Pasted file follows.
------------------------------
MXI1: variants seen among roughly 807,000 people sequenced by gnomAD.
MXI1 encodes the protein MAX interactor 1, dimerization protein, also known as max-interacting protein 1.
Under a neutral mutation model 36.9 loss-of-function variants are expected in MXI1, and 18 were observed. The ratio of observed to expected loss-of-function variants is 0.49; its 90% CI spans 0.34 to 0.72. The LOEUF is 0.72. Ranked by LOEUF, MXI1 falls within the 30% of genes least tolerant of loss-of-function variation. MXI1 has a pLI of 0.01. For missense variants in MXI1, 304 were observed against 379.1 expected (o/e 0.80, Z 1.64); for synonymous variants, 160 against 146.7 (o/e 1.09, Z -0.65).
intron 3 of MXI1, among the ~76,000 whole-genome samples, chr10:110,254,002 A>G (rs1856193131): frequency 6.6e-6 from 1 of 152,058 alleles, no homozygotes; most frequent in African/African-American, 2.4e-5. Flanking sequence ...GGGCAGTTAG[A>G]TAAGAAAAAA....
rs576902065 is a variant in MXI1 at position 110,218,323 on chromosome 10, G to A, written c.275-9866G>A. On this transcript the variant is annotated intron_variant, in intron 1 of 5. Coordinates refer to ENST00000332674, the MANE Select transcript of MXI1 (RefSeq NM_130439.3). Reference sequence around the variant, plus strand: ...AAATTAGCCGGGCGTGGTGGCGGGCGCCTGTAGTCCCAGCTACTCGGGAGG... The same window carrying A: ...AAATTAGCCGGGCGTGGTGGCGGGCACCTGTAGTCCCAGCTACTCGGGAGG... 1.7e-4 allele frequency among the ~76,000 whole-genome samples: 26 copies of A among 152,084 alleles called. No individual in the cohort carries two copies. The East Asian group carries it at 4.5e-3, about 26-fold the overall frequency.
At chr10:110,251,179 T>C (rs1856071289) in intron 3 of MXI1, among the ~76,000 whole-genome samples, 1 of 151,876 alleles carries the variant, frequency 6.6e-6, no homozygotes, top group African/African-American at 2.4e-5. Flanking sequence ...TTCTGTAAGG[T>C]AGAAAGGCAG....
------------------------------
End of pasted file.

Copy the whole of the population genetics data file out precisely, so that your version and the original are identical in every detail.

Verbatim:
MXI1: variants seen among roughly 807,000 people sequenced by gnomAD.
MXI1 encodes the protein MAX interactor 1, dimerization protein, also known as max-interacting protein 1.
Under a neutral mutation model 36.9 loss-of-function variants are expected in MXI1, and 18 were observed. The ratio of observed to expected loss-of-function variants is 0.49; its 90% CI spans 0.34 to 0.72. The LOEUF is 0.72. Ranked by LOEUF, MXI1 falls within the 30% of genes least tolerant of loss-of-function variation. MXI1 has a pLI of 0.01. For missense variants in MXI1, 304 were observed against 379.1 expected (o/e 0.80, Z 1.64); for synonymous variants, 160 against 146.7 (o/e 1.09, Z -0.65).
intron 3 of MXI1, among the ~76,000 whole-genome samples, chr10:110,254,002 A>G (rs1856193131): frequency 6.6e-6 from 1 of 152,058 alleles, no homozygotes; most frequent in African/African-American, 2.4e-5. Flanking sequence ...GGGCAGTTAG[A>G]TAAGAAAAAA....
rs576902065 is a variant in MXI1 at position 110,218,323 on chromosome 10, G to A, written c.275-9866G>A. On this transcript the variant is annotated intron_variant, in intron 1 of 5. Coordinates refer to ENST00000332674, the MANE Select transcript of MXI1 (RefSeq NM_130439.3). Reference sequence around the variant, plus strand: ...AAATTAGCCGGGCGTGGTGGCGGGCGCCTGTAGTCCCAGCTACTCGGGAGG... The same window carrying A: ...AAATTAGCCGGGCGTGGTGGCGGGCACCTGTAGTCCCAGCTACTCGGGAGG... 1.7e-4 allele frequency among the ~76,000 whole-genome samples: 26 copies of A among 152,084 alleles called. No individual in the cohort carries two copies. The East Asian group carries it at 4.5e-3, about 26-fold the overall frequency.
At chr10:110,251,179 T>C (rs1856071289) in intron 3 of MXI1, among the ~76,000 whole-genome samples, 1 of 151,876 alleles carries the variant, frequency 6.6e-6, no homozygotes, top group African/African-American at 2.4e-5. Flanking sequence ...TTCTGTAAGG[T>C]AGAAAGGCAG....